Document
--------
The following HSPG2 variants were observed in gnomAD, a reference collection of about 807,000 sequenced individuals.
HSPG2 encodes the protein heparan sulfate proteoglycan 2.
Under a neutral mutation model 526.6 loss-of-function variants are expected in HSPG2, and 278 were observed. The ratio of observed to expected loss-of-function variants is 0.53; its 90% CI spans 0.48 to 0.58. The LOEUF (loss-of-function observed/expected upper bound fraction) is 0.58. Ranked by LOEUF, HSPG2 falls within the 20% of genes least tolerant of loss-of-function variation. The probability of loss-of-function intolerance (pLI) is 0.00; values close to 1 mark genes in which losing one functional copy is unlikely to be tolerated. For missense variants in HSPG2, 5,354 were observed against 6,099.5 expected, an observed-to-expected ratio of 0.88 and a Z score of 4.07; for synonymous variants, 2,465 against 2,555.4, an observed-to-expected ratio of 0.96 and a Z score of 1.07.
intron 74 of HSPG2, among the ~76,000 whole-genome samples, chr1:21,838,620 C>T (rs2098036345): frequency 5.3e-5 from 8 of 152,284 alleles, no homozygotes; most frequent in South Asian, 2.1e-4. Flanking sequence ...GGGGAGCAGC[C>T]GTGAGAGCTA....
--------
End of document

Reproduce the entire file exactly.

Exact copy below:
The following HSPG2 variants were observed in gnomAD, a reference collection of about 807,000 sequenced individuals.
HSPG2 encodes the protein heparan sulfate proteoglycan 2.
Under a neutral mutation model 526.6 loss-of-function variants are expected in HSPG2, and 278 were observed. The ratio of observed to expected loss-of-function variants is 0.53; its 90% CI spans 0.48 to 0.58. The LOEUF (loss-of-function observed/expected upper bound fraction) is 0.58. Ranked by LOEUF, HSPG2 falls within the 20% of genes least tolerant of loss-of-function variation. The probability of loss-of-function intolerance (pLI) is 0.00; values close to 1 mark genes in which losing one functional copy is unlikely to be tolerated. For missense variants in HSPG2, 5,354 were observed against 6,099.5 expected, an observed-to-expected ratio of 0.88 and a Z score of 4.07; for synonymous variants, 2,465 against 2,555.4, an observed-to-expected ratio of 0.96 and a Z score of 1.07.
intron 74 of HSPG2, among the ~76,000 whole-genome samples, chr1:21,838,620 C>T (rs2098036345): frequency 5.3e-5 from 8 of 152,284 alleles, no homozygotes; most frequent in South Asian, 2.1e-4. Flanking sequence ...GGGGAGCAGC[C>T]GTGAGAGCTA....